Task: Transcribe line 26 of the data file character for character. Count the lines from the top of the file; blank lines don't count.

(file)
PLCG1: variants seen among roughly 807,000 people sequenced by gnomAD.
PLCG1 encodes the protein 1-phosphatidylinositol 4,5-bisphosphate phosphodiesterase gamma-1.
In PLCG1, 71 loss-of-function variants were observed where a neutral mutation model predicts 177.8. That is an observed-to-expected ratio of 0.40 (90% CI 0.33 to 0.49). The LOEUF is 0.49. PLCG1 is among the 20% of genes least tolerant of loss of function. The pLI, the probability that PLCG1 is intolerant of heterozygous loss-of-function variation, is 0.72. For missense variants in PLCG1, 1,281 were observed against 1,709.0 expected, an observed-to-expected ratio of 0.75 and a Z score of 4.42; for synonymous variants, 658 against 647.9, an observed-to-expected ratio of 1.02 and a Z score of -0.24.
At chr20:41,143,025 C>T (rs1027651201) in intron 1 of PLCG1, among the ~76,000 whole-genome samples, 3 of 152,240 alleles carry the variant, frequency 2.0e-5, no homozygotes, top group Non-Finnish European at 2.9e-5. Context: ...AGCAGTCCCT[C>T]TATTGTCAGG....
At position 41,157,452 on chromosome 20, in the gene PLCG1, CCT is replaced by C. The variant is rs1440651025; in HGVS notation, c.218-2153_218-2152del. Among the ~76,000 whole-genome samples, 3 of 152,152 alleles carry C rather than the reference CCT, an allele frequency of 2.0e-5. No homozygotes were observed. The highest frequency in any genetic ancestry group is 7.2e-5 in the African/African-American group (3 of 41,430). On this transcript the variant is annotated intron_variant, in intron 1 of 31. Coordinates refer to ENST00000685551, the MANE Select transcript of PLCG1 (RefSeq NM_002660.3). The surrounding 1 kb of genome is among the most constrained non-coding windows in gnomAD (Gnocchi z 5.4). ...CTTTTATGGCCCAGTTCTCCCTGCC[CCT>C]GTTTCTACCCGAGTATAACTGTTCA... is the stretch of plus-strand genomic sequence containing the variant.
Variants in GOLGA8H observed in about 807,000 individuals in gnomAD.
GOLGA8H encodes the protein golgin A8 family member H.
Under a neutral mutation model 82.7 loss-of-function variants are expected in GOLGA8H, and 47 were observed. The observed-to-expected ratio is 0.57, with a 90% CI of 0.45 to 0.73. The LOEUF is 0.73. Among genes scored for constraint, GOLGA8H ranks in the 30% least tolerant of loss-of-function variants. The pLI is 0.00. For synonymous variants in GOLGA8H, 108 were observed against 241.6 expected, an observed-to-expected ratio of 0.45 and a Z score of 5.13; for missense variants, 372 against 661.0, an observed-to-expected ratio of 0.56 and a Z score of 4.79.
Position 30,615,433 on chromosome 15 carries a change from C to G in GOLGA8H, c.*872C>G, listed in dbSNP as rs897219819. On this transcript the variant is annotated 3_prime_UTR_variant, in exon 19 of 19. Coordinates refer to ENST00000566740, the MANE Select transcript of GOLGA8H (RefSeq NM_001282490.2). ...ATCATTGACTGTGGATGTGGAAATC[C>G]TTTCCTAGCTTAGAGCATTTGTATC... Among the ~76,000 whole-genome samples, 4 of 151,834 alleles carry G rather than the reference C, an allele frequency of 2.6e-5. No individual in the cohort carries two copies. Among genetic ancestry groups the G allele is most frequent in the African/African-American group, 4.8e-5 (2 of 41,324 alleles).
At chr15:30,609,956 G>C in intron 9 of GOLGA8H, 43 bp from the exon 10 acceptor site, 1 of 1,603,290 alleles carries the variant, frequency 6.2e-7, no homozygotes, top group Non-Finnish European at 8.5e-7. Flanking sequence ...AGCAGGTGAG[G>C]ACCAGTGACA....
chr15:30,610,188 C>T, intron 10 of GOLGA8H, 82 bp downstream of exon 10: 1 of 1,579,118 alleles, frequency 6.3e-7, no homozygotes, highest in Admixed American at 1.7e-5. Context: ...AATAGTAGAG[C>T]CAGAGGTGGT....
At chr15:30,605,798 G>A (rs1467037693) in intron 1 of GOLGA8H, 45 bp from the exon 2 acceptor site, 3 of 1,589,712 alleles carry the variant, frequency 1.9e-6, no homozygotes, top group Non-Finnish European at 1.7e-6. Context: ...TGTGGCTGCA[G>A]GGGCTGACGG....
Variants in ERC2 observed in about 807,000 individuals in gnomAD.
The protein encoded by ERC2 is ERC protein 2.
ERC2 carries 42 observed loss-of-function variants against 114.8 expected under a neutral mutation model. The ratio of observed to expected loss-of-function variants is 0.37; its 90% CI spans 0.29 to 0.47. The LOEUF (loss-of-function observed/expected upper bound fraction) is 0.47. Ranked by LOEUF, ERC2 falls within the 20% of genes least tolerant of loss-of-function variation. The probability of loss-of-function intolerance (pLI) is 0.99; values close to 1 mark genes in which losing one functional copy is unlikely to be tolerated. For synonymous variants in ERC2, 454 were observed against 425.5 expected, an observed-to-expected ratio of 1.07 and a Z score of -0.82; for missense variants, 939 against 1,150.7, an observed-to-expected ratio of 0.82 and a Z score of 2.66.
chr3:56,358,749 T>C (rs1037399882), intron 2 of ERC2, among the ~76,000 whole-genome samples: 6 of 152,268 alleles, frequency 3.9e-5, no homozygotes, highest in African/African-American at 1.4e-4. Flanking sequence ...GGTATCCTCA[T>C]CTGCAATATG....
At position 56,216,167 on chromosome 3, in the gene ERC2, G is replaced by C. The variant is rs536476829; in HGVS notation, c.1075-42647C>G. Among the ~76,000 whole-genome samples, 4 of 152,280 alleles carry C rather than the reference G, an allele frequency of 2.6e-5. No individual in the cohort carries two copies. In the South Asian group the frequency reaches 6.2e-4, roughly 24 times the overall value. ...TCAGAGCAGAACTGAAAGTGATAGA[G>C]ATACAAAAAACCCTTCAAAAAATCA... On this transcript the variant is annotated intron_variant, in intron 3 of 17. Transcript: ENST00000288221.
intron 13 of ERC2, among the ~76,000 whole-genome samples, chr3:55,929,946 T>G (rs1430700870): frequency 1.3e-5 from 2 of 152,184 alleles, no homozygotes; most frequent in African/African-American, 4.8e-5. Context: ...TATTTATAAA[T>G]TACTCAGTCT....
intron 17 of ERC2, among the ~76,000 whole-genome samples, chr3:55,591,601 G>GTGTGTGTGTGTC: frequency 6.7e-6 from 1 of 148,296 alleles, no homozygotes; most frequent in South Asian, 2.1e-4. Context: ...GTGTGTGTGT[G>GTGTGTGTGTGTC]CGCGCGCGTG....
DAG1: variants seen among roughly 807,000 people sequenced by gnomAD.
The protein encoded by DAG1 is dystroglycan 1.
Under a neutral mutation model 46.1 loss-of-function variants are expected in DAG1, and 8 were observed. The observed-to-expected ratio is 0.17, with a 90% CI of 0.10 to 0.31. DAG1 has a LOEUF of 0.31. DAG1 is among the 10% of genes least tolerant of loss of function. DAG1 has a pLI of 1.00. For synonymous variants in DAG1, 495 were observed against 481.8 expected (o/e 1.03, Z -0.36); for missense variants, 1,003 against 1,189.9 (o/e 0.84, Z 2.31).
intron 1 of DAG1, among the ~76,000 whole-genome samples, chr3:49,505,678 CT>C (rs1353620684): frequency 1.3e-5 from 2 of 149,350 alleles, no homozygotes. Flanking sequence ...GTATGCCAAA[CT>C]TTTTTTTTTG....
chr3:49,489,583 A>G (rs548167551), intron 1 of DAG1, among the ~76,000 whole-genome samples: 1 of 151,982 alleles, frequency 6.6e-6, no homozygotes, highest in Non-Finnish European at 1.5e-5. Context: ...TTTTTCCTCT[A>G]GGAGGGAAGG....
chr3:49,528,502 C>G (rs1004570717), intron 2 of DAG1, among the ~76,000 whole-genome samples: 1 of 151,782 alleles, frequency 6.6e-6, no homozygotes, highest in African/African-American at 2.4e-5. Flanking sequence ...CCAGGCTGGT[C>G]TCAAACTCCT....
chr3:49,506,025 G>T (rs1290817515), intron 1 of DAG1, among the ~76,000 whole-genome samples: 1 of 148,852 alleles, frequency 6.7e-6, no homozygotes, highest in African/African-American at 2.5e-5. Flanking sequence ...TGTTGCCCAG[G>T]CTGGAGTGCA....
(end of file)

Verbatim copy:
chr3:49,506,025 G>T (rs1290817515), intron 1 of DAG1, among the ~76,000 whole-genome samples: 1 of 148,852 alleles, frequency 6.7e-6, no homozygotes, highest in African/African-American at 2.5e-5. Flanking sequence ...TGTTGCCCAG[G>T]CTGGAGTGCA....